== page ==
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Dr. Ezekiel Emanuel, who has famously suggested that 75 is about the right age to die, recently took to the pages of Politico to argue that if we allow the government to control the price of prescription drugs, “we will still have robust innovation.”
But the primary example the 64-year-old Dr. Emanuel uses to make that case, the drug Tafamidis, does the opposite.
Indeed, upon closer examination, it turns out that that particular drug undermines rather than strengthens the case for government price controls.
Vermont Senator Bernie Sanders and congressional Democrats hope to use such price controls as a way to help pay for their massive, $3.5 trillion spending spree. That package would be wrong for America for many reasons, but its prescription drug price controls are among its very worst provisions.
In reality, prescription drug price controls will cause shortages and – contra Dr. Emanuel – lead to less innovation.
Tafamidis was approved by the Food and Drug Administration in 2019 and is used to treat a rare disease, amyloidosis. It is very expensive: $225,000 a year with a $25,000 copay.
Doubtless, Dr. Emanuel hopes the sticker shock will numb us into submission on enacting drug price controls. That is why he has chosen it as his “Exhibit A” in the case for government price controls.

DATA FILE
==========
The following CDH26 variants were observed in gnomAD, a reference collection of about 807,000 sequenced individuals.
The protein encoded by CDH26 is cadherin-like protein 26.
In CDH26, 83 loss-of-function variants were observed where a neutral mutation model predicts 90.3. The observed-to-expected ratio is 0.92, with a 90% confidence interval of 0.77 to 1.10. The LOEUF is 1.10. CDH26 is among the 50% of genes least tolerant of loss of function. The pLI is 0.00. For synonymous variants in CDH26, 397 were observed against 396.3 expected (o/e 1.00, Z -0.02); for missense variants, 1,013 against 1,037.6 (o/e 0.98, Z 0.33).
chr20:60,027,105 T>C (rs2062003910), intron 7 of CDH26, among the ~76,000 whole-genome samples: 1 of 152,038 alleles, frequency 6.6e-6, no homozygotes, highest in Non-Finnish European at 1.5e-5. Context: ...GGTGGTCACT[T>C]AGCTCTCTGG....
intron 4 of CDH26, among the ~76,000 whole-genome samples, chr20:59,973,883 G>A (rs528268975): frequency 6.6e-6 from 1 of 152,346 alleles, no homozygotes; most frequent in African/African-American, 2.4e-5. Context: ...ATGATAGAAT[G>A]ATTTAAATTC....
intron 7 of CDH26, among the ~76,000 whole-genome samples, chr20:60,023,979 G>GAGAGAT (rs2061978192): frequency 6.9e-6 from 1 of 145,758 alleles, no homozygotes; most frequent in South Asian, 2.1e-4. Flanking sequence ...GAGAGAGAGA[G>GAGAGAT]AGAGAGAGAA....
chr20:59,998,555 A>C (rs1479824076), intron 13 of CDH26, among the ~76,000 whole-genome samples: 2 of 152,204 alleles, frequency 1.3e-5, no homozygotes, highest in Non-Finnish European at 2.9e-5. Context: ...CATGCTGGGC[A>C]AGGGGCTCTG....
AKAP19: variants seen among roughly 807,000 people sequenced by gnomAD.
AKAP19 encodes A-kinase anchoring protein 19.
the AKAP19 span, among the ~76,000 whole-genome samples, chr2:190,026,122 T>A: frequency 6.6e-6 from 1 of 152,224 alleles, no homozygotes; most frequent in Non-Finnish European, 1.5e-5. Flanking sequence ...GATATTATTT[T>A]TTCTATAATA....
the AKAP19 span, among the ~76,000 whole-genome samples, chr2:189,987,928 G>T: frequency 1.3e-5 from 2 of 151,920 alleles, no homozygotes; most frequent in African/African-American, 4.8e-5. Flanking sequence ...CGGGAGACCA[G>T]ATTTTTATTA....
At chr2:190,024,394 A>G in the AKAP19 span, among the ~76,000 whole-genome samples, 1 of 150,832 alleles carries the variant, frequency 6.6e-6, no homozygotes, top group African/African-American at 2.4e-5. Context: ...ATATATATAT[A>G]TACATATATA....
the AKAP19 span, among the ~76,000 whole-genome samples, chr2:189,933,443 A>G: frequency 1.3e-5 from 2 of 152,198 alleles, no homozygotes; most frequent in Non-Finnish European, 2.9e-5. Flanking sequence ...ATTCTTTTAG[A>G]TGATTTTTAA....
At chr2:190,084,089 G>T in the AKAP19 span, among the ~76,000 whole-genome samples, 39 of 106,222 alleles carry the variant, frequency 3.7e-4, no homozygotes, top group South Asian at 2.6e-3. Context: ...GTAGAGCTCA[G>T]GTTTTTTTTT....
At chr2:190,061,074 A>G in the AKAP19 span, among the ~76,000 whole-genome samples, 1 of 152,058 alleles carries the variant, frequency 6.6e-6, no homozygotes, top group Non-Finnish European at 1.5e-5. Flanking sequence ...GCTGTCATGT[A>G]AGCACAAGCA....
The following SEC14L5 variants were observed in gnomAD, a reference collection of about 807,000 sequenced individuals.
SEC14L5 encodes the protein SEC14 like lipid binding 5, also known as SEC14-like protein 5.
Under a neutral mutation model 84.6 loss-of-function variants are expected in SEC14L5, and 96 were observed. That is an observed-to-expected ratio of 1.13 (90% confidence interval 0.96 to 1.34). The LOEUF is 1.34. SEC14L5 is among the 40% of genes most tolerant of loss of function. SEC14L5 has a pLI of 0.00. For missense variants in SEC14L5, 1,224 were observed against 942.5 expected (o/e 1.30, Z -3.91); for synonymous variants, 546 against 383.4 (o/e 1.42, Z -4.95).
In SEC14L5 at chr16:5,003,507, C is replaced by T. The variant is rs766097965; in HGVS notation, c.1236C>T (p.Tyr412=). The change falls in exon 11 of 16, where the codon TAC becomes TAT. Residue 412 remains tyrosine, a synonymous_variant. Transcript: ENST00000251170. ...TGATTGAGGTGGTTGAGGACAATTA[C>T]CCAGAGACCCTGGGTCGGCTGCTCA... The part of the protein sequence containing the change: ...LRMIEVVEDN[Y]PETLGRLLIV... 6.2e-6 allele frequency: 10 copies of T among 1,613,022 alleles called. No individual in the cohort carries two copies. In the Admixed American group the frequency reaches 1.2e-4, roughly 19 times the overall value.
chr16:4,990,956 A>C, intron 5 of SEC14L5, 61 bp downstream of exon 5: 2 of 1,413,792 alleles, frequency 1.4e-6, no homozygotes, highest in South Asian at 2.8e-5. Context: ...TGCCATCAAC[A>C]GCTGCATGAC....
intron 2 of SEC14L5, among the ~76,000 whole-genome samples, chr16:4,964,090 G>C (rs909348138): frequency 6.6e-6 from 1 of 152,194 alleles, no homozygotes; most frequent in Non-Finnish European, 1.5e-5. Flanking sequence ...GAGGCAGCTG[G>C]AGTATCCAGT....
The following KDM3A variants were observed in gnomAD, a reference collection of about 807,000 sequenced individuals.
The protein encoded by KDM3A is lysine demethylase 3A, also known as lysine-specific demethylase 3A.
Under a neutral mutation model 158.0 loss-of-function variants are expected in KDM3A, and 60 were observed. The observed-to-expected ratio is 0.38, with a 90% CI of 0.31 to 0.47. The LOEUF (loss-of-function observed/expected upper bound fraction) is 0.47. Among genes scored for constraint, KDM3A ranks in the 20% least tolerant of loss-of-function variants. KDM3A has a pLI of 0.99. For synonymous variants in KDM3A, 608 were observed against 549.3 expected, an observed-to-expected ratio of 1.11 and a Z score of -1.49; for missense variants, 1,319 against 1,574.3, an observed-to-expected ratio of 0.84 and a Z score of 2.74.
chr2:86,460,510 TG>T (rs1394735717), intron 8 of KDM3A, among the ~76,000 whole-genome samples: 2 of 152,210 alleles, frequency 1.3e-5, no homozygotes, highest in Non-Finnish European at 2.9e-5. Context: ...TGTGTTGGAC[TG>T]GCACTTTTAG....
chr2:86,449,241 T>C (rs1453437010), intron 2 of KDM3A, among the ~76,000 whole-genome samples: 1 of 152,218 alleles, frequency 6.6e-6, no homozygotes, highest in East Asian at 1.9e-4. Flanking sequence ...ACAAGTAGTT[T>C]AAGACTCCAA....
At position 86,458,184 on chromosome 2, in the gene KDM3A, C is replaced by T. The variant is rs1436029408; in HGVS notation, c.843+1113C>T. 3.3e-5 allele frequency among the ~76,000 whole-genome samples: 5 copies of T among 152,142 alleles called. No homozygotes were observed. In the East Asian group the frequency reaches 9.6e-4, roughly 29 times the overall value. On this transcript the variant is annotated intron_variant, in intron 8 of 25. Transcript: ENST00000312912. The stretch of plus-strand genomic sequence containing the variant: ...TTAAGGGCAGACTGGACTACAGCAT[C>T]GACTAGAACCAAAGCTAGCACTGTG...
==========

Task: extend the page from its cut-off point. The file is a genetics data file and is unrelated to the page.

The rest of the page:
But we shouldn’t be fooled, because Tafamidis exemplifies precisely the kind of “robust innovation” that likely would not occur under an effective price control scheme.
This topic is a bit complicated, but I hope you will bear with me.
The drug price controls in the aforementioned massive spending bill would apply only to single-source brand-name drugs without generic or biosimilar competitors, and only to the 125 drugs with the highest net Medicare Part D spending and the 125 drugs with the highest net spending in the United States.
Under that standard, Tafamidis would not even qualify. So as a practical matter, it is not a very persuasive Exhibit A.
According to 2019 data from the Center for Medicare and Medicaid Services, total Medicare Part D spending for Tafamidis, which comes in two different forms, is about $145 million.
Since Tafamidis was approved only in May 2019, it was not available for the full year. But even if we double the seven-month totals for both versions and add them together, Tafamidis still doesn’t meet the threshold.
For argument’s sake, let’s assume Tafamidis did qualify for the price fixing in the Sanders plan. What would that look like?
The Sanders plan sets prices based on countries that use “drug price affordability boards” – groups of experts who can supposedly determine the “right” price for a drug – to cap their drug prices, and thus to limit their citizens’ access to those therapies. How have such overseas experts viewed Tafamidis?
In the United Kingdom, the National Institute for Health and Care Excellence recommended that Tafamidis not be covered at all: “The cost-effectiveness estimates are higher than what NICE normally considers an acceptable use of NHS resources.”